Howard, building business and saving lives

Howard opened ARCpoint Labs in Salem in 2013. Photo by Kelsey Bartlett.
Howard opened ARCpoint Labs in Salem in 2013. Photo by Kelsey Bartlett.
Jeff Howard’s life has never been boring. After graduating from Ohio State University, he moved to the area, looking for a change of scenery.

With no money in his pocket, he lived out of a tent, only dressing up to go to job interviews, and quitting six months after landing one to backpack across 26 countries. After returning to school and graduating from Virginia Tech with an MBA concentration in international business, he worked with a Fortune 500 tractor equipment dealership, which he said was unsatisfying both personally and professionally.

“By being on the road, I lacked a sense of community,” Howard said. “I couldn’t be in the choir because I’d miss all the choir practices and I was in and out of my kids’ lives. I started looking for business opportunities, and decided to go with a franchise.”

Now, over 30 years later, he is the owner of ARCpoint Labs in Salem, one of the fasting growing franchises in its field. The small business, located on East Main Street, was opened in 2013 and is operated by a team of three employees. It continues to grow substantially each year, offering more services, which are often on the cutting edge of technology, and expanding its list of clients.

Currently, the lab conducts drug testing for all Virginia Tech student athletes, as well as the City of Roanoke, Roanoke County Social Services, the City of Salem, the City of Radford and a variety of different companies in the area. The lab also conducts DNA, wellness and alcohol testing, as well as pre-employment/ background checks and various lab tests, such as physical screenings for life insurance companies.

“We’ve attracted a lot of companies that have never had programs, and they’ve discovered that they can get a discount on their workers’ compensation premium for having a drug-free workplace,” Howard said. “It’s actually a Virginia law, and not many people know about it. They tend to find that by not hiring people with substance abuse problems, they’re more productive workers and are not late or absent as much.”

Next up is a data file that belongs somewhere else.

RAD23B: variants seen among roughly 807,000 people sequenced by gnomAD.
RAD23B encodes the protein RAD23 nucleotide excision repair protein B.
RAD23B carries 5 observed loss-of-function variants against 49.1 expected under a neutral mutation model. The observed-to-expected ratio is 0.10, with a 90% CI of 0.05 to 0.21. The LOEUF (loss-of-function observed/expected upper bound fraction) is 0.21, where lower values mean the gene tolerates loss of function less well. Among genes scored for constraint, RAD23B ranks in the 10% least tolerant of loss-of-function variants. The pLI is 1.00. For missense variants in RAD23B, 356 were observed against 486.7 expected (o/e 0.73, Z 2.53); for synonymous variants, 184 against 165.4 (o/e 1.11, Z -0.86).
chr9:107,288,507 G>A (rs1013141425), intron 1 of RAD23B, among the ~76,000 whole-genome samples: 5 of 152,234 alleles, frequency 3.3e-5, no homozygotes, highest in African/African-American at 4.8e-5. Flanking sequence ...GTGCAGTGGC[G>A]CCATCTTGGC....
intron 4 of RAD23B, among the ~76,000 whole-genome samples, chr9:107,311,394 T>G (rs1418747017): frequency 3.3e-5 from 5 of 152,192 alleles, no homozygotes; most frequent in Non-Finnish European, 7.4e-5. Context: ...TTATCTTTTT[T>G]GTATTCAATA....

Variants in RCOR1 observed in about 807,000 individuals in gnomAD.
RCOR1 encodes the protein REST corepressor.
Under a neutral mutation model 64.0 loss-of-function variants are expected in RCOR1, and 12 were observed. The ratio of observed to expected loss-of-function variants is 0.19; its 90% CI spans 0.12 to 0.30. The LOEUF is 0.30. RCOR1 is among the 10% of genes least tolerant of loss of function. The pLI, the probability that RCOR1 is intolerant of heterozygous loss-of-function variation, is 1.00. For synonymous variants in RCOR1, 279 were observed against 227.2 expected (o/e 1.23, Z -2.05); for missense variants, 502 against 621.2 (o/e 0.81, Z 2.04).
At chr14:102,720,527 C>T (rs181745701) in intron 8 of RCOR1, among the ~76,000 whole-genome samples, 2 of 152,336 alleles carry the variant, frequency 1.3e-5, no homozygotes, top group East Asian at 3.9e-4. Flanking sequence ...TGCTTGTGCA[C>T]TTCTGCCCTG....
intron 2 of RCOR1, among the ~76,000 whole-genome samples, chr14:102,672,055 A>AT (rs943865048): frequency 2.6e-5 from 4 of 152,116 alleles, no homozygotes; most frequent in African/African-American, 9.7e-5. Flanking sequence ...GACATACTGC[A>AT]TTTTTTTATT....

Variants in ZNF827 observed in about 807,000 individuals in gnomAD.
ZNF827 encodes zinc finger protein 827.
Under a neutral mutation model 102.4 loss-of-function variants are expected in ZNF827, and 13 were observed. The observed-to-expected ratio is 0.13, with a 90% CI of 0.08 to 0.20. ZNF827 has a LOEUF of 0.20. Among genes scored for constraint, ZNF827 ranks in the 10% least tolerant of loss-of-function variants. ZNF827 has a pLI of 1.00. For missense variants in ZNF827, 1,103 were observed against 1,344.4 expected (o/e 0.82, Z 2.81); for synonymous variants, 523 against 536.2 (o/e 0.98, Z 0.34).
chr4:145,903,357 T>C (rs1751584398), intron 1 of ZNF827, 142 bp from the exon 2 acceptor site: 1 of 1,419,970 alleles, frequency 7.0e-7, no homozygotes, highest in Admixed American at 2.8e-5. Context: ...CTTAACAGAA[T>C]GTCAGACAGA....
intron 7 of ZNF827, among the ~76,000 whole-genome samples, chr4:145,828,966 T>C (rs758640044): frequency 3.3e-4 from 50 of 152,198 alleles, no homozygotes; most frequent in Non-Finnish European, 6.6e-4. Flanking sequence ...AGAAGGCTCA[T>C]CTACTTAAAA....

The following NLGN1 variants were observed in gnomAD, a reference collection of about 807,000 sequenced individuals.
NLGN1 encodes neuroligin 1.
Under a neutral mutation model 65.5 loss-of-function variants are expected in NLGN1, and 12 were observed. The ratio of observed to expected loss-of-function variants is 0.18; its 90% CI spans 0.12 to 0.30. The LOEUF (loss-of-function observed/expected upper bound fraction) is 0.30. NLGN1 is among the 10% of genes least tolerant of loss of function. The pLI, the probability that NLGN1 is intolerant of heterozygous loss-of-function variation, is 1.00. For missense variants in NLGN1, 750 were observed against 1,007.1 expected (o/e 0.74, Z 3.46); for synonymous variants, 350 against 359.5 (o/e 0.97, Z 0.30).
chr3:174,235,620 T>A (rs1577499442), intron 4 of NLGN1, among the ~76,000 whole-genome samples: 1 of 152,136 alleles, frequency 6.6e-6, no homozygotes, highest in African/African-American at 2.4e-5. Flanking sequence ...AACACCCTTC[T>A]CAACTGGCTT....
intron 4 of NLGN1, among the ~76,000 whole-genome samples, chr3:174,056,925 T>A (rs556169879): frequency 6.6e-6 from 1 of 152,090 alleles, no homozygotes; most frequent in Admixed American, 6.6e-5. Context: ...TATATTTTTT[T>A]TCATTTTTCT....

It is one of the first labs in the area to offer personalized pharmacogenetic profiles, which allow patients to understand how they will react to a drug by first testing a cheek swab. Howard said he expects the test to become more popular in labs and doctors’ offices, as it protects patients from becoming victims to side effects.

“We send samples to a lab and they analyze DNA and how your body would process 120 of the most common medications prescribed today,” Howard said. “Then it will categorize those as red, yellow or green, like a stoplight, based on how well your body will metabolize a medication.”

“Doctors have been experimenting because they’ve never really had a road map,” he added. “With the mapping of the human genome, we now know which drugs are metabolized by an individual’s genetics.”

Howard said the most rewarding aspect of the job is building relationships with clients, and serving as a wake-up call for those struggling.

“I was trying to find something where I could not only make a living, but make an impact on people’s lives in some positive way,” Howard said. “A lot of times people think of drug testing as a negative thing, but we’ve had cases where we’ve identified people who have had a problem at work. I tested one guy at 3:30 in the afternoon and he had a blood alcohol content of .1.

“When that happens at work, for a lot of people that is a wake-up call,” Howard said. “They know their job is on the line and they have a serious problem. But it’s better than having someone cause an accident.”

He has settled down, but he hasn’t slowed down, and is constantly networking. He is involved in several community service activities, such as Pathfinders for Greenways, Family Promise of Roanoke Valley, and the Roanoke Valley Society for Human Resource Management. He is also a volunteer Ambassador for the Roanoke Regional Chamber of Commerce, a Youth Exchange Officer for the Rotary Club of Salem, and a Big Brother for Big Brothers Big Sisters of Southwest Virginia.

“What we do affects lives,” added CEO Felix Mirando. “He’s involved in testing for the department of social services. Those are areas where you have people’s lives in your hand. Him being involved in that is key in how he gives back to the community.”

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